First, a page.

All signs pointed to new Florida Governor Ron DeSantis withdrawing the State’s appeal on allowing smokable marijuana yesterday after his inauguration, but the highly contested decision is still on hold.

The appeal came after Tallahassee Circuit Court Judge Karen Gievers ruled a 2017 law banning the distribution and consumption of smokable cannabis was unconstitutional and was therefore overturned. However, immediately following that ruling the State of Florida filed its appeal.

The case moved forward Tuesday with State attorneys arguing in favor of upholding the 2017 ban, commenting that it was the right decision to ban smoking due to its possible negative side effects. Deputy Solicitor General Jordan Pratt was quoted saying, “The amendment does not in any instance guarantee immunity for smoking marijuana”. The Department of Health also had lawyers present defending the ban.

One appellate Judge, Timothy Osterhaus did raise questions concerning the Legislature’s authority to implement these changes to the amendment. He further inquired as to the distinction between smoking and other methods of consumption that have not been banned.

Osterhaus questioned, “Could they have decided that all ways are unsafe?”

Pratt retorted citing that the law currently allows for multiple other means of consumption and that it was unlikely that they would have been able to ban all types of treatment administration.

Osterhaus was also concerned about the future for Florida’s voters, asking, “if they’ve [voters] gone through the process of amending their Constitution, and the Legislature decides, ‘No, we’re not going to go for that and we’re going to veto what you’ve passed?”. Raising possible red flags warning about what this could mean for legislation still to come.

Pratt once again fired back stating, their focus “begins and ends with just one question, which is whether the amendment requires smoking of marijuana”, adding, “there’s simply nothing in the amendment that says that”. Using the amendment’s broad language regarding legalization against it, and leaving it up to interpretation.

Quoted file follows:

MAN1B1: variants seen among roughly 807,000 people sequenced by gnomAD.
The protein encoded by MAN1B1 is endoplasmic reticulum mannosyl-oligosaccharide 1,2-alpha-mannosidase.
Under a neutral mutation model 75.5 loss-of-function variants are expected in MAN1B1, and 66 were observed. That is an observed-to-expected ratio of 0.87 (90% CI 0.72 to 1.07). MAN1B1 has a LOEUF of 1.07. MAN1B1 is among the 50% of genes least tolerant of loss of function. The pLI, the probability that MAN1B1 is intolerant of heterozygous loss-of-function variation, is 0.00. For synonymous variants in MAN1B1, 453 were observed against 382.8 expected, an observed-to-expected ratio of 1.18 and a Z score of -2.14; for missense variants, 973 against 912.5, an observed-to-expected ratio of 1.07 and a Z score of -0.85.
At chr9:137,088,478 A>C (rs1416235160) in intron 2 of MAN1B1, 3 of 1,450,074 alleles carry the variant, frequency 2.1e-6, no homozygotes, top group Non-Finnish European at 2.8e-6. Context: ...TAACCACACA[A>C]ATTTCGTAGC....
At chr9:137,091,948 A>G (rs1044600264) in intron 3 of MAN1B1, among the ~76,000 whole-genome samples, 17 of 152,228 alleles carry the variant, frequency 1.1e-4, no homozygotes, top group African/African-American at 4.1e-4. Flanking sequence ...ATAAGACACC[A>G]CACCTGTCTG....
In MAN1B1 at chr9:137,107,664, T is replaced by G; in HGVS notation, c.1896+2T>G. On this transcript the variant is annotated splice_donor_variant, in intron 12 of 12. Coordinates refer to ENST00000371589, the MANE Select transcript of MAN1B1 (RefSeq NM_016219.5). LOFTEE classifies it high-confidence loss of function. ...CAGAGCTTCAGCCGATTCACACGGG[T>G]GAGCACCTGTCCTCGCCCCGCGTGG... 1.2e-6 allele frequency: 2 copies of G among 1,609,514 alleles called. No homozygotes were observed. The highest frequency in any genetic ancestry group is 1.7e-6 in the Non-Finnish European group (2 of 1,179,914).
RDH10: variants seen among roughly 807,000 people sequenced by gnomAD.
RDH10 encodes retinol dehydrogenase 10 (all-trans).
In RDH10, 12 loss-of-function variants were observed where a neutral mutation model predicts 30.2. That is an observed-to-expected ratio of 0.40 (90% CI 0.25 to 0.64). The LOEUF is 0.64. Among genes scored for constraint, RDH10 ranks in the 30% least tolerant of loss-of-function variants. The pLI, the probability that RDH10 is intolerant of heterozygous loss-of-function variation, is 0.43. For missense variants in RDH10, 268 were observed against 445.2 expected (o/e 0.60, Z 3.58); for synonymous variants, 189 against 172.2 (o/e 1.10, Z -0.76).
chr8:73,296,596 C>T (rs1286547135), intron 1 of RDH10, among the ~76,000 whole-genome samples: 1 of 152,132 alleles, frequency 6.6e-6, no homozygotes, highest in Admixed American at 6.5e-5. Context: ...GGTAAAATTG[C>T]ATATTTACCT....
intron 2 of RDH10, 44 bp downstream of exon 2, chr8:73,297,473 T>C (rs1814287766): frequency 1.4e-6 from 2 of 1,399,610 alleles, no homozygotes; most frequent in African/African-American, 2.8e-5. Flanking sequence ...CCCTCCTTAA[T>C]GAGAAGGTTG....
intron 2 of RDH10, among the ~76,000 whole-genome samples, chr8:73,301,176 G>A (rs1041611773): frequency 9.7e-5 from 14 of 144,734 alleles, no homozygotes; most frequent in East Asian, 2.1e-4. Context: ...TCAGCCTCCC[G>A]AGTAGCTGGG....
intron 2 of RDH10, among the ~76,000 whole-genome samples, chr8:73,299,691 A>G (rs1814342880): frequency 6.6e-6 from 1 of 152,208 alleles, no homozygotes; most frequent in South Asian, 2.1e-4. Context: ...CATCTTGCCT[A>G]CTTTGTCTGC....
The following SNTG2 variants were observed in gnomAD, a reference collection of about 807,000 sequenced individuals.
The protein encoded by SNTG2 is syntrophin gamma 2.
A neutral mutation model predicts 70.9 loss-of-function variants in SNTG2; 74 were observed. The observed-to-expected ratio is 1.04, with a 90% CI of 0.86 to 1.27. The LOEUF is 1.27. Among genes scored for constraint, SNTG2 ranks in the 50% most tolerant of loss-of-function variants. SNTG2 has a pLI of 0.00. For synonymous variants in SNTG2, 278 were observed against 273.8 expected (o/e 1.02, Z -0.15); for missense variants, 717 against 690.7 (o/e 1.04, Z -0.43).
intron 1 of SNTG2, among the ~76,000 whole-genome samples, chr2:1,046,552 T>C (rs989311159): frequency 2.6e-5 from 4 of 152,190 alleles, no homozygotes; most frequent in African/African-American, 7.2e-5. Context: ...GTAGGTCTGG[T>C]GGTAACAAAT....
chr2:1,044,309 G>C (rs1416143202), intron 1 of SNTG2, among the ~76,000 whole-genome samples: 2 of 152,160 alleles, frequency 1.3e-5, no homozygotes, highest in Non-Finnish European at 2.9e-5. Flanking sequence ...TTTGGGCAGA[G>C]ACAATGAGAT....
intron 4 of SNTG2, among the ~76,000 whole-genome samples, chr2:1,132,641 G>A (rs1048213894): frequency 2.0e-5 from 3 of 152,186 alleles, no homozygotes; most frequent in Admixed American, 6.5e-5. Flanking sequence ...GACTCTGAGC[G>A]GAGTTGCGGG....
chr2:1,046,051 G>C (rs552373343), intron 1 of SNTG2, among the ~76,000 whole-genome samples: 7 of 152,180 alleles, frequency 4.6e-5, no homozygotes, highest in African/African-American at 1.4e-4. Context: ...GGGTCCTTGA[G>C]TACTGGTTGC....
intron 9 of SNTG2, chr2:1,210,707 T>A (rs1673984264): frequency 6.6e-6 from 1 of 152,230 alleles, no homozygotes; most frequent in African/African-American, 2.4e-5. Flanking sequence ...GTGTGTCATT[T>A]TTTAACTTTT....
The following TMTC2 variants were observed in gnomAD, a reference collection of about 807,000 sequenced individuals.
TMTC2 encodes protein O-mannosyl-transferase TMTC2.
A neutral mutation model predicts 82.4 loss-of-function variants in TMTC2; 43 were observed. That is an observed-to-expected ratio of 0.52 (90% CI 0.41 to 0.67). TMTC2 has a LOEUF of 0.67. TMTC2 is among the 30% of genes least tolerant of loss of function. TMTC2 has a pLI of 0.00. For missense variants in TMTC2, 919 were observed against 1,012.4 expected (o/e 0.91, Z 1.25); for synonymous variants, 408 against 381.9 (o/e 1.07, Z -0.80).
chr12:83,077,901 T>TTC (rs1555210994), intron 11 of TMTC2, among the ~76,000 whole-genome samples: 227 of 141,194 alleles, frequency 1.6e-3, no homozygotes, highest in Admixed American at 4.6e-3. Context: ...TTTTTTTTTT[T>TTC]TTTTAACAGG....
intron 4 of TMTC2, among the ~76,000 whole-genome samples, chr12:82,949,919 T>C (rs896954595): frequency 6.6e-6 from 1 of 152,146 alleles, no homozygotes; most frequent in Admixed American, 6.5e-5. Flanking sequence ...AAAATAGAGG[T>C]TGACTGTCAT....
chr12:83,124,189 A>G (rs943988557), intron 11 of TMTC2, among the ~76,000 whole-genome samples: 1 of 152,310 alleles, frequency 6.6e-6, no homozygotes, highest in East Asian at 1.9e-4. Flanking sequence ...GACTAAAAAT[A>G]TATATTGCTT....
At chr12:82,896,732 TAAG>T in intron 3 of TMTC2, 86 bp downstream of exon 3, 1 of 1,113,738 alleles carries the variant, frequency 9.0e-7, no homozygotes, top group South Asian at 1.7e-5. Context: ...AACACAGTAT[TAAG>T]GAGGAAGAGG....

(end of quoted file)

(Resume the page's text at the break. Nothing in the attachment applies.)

One person fighting the appeal also happens to be one of the people responsible for assisting in the writing of the amendment, Jon Mills. Once a dean for the law school at University of Florida, Jon is now claiming that the 2017 law written in response to the amendment is directly conflicting with the Constitution. He states that the Constitution clearly authorizes doctors to order prescriptions of smokable cannabis for qualifying patients, but the law restricts this entirely. He follows up by saying that this is no minor conflict and that if one treatment method could be banned, more could follow.

Another advocate and plaintiff in this case for smokable marijuana is Cathy Jordan. She claims that doctors predicted she was going to die decades ago as a result of Lou Gehrig’s disease, but says smoking cannabis on a daily basis is the reason she is still alive. Last year she testified to the fact that smoking as the method of consumption treats her ailments in a way that other methods simply do not.

Mills added, “Cathy Jordan is not trying to have a good time, she’s trying to live. And what works for her is what she and her doctor agreed upon, and that was smoking”. Making it clear that this conflict is “irreconcilable”, end of story.

DeSantis seems to have different views on the consumption of smokable marijuana than his predecessor, Rick Scott which had strongly opposed the subject. When DeSantis spoke with media outlets Monday he mentioned that he was “not committed” to upholding the ban.

He went on to say that he understands that roughly 72 percent of voters are behind this issue and his willingness to stand behind the decision of those voters; stating, “we are going to be taking actions that are consistent with what I said in the campaign” and, “once the vote happens, you’ve got to move on. So we’ll take some actions within a pretty short time”.

These statements by DeSantis seem to continue to point to his withdrawal from the appeal, but only time will tell as we continue to await this monumental decision in Florida.